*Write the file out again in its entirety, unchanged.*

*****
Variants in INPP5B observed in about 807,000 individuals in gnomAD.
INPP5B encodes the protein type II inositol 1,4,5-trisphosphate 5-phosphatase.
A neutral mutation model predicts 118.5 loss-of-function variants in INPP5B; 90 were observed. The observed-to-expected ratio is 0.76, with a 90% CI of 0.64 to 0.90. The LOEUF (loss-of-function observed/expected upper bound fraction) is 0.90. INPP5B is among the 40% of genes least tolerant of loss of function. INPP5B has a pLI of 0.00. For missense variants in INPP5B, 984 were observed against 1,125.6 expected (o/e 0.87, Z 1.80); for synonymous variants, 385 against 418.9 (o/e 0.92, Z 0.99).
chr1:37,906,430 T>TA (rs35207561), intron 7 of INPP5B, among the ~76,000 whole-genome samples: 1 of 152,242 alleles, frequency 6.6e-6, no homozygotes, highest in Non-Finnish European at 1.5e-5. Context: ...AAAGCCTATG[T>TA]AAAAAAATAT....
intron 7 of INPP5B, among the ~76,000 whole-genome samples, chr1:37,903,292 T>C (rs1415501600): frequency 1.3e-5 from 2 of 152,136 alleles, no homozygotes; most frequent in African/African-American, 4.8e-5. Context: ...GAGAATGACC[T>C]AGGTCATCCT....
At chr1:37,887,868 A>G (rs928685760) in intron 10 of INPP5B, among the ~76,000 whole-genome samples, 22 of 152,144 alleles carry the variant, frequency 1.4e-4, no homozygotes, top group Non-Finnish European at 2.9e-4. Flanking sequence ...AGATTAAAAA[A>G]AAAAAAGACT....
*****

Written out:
Variants in INPP5B observed in about 807,000 individuals in gnomAD.
INPP5B encodes the protein type II inositol 1,4,5-trisphosphate 5-phosphatase.
A neutral mutation model predicts 118.5 loss-of-function variants in INPP5B; 90 were observed. The observed-to-expected ratio is 0.76, with a 90% CI of 0.64 to 0.90. The LOEUF (loss-of-function observed/expected upper bound fraction) is 0.90. INPP5B is among the 40% of genes least tolerant of loss of function. INPP5B has a pLI of 0.00. For missense variants in INPP5B, 984 were observed against 1,125.6 expected (o/e 0.87, Z 1.80); for synonymous variants, 385 against 418.9 (o/e 0.92, Z 0.99).
chr1:37,906,430 T>TA (rs35207561), intron 7 of INPP5B, among the ~76,000 whole-genome samples: 1 of 152,242 alleles, frequency 6.6e-6, no homozygotes, highest in Non-Finnish European at 1.5e-5. Context: ...AAAGCCTATG[T>TA]AAAAAAATAT....
intron 7 of INPP5B, among the ~76,000 whole-genome samples, chr1:37,903,292 T>C (rs1415501600): frequency 1.3e-5 from 2 of 152,136 alleles, no homozygotes; most frequent in African/African-American, 4.8e-5. Context: ...GAGAATGACC[T>C]AGGTCATCCT....
At chr1:37,887,868 A>G (rs928685760) in intron 10 of INPP5B, among the ~76,000 whole-genome samples, 22 of 152,144 alleles carry the variant, frequency 1.4e-4, no homozygotes, top group Non-Finnish European at 2.9e-4. Flanking sequence ...AGATTAAAAA[A>G]AAAAAAGACT....